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Zaha Hadid Architects thrives

One of the more significant libertarians on Planet Earth just now is Patrik Schumacher, whom I have mentioned here before, several times.

Until recently Schumacher was the Number Two at Zaha Hadid Architects. But following the death of Zaha Hadid, he is now the Zaha Hadid Architects Number One. So, an important question for libertarians is: Can Zaha Hadid Architects keep going successfully, without Zaha Hadid herself, under Schumacher’s leadership? Given the dominant political attitudes within the architecture-and-design world these days, there are surely a lot of people now hoping that the answer will turn out to be: No.

A report, complete with dramatic pretend-photos, that you can read and see here, courtesy of the Daily Mail, of a new concert hall that Zaha Hadid Architects will be building In Yekaterinburg, give cause for optimism.

With concert halls, everything depends on the acoustics. It can look like the Palace of Versailles, but if it sounds wrong it’s a turkey. But acoustic science is now such that I am optimistic that this will be judged a successful concert hall, sounding good as well as looking stylish in a Zaha Hadid sort of way:

The point of this posting is that if Zaha Hadid Architects continues to thrive as it seems to be thriving now, that will be a win for libertarianism, because it will be such a very big personal win for Patrik Schumacher. Comment away all you like, of course – can’t stop you, wouldn’t want to. But whether you personally like the look of this new concert hall is beside my main point here.

As the late Chris Tame used to say: we need our people everywhere, and architecture-and-design is an important somewhere. Schumacher reminds me of the late Peter Bauer. Bauer was in a minority of about one in the world of foreign aid, back when he was alive and arguing. Schumacher is likewise something of a lone voice in his world in an equally significant way.

5 comments to Zaha Hadid Architects thrives

  • CaptDMO

    Where have I read about this all before?
    OMG! STFU.
    In my personal experience…..
    Engineers and tradesmen build things.
    Architects make pretty pictures.
    Can’t tell you of the number of acoustics nightmares in (eg)”pretty” indoor, and outdoor, theaters in the US.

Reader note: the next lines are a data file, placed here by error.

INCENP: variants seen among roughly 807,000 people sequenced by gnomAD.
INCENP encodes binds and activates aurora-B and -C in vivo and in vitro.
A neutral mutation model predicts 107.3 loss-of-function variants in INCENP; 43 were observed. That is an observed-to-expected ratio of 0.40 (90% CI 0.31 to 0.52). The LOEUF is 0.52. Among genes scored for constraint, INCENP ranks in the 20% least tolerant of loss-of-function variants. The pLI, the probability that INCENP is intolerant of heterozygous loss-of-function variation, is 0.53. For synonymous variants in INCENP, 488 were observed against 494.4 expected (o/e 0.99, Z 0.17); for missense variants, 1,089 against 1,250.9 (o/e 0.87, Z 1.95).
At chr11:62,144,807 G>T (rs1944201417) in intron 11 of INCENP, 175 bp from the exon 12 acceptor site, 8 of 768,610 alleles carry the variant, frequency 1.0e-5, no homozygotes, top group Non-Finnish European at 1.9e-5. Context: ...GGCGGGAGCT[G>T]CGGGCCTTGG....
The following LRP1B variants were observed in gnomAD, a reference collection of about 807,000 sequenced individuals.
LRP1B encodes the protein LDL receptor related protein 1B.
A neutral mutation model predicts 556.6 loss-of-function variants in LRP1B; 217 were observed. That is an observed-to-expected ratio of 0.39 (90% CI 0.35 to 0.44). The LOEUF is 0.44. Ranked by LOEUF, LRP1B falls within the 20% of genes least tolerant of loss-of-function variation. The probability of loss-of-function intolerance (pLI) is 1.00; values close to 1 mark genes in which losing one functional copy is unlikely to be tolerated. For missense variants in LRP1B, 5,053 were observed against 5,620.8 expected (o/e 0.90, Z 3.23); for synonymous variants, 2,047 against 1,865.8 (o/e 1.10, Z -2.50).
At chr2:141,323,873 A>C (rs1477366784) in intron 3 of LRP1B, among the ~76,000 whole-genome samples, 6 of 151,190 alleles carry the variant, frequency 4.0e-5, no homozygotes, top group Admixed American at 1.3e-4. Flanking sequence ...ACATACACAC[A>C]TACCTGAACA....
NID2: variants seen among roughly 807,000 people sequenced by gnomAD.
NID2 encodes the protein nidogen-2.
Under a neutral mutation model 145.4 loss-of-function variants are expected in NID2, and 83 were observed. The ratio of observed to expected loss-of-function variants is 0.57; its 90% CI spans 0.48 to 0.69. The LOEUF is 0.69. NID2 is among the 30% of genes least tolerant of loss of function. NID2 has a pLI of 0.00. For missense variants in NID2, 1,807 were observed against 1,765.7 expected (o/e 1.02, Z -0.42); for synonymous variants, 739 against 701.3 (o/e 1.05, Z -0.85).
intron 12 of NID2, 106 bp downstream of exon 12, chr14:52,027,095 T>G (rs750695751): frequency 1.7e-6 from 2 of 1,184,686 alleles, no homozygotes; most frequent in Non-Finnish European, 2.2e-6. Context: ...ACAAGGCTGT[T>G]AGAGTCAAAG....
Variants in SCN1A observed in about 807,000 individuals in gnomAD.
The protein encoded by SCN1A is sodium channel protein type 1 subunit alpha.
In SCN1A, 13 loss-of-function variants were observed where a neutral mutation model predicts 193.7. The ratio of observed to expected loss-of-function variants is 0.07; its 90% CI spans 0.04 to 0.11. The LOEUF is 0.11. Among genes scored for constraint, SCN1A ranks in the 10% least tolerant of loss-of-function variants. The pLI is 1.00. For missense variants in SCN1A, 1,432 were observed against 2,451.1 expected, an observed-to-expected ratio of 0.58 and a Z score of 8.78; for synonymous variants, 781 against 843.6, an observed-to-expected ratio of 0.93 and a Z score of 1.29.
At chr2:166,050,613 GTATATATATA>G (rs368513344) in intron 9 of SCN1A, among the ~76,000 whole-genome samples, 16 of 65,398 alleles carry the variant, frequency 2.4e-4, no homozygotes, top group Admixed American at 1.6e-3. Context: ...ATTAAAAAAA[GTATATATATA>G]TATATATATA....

But that’s OK, there’s a pretty good trade in “fixing” architecture that doesn’t work.
    (Same with large “artistic”, and “sculpture” installations.)
    I blame the invention of the slide rule, and subsequently, Computer Assisted Drafting/ Design.
    Personal favorite…Theater at Delphi (Greece). Seats are kinda’ hard though.

  • John

    Ideology does not correlate with ability or taste, and this may be an example of it. I am only familiar with one of the products of this firm:


    But that one gives me doubts about the rest.

    I’ve been in the building several times and had to walk by it thousands. It is breath-takingly ugly and clearly designed to be a raised middle finger to the architecture around it. I like the text at that page which states that it “draws the city in” what I think they actually meant was “the city was taken in”. The only redeeming characteristic from my point of view is that it honestly represents the aesthetic value of most of the work displayed inside.

  • Bruce

    I have spent most of my adult life working in “acoustic environments”.

    Most of them are typical architecture; designed from the outside in.

    The big bucks are in getting called back to do an extension or re-fit, along with the tame “acoustic consultant”

    Many of the exteriors could only be charitably described as “Stalinist Gothic” or “Frank LLoyd Wrong”.

    What kind of cretin designs a performance space in which the high, curved rear auditorium wall has a radius centered exactly on the usual location of the conductor or principal opera singer? Concert halls in the “classic shoe-box form where you can count six or more DISCREET slap echoes running from front to rear?

    What sort of ignorance drives the genii to design in PARALLEL side-wall sections, attendant with hideous standing waves and nasty flutter echos? And then compounds this with suspended timber paneling that has some seriously evil resonances. Not to pass by the timber-clad proscenium arches that resonate at different frequencies on either side, depending on the frequency and amplitude of excitation. And then you turn on the sound reinforcement / PA system and it all turns to crap. Hard-surfaced side-balcony “pods” form vertical standing waves and flutter between their lower surface and the hard timber floor below.

    Inadequate loading docks and poor equipment access, insufficient electrical distribution and capacity; it goes on and on without mercy.

  • JohnK

    If I liked a single building which Zaha Hadid Architects ever designed, then I might bring myself to care.

  • WindyPants

    Surely the Bloody Stupid Johnson’s of our time.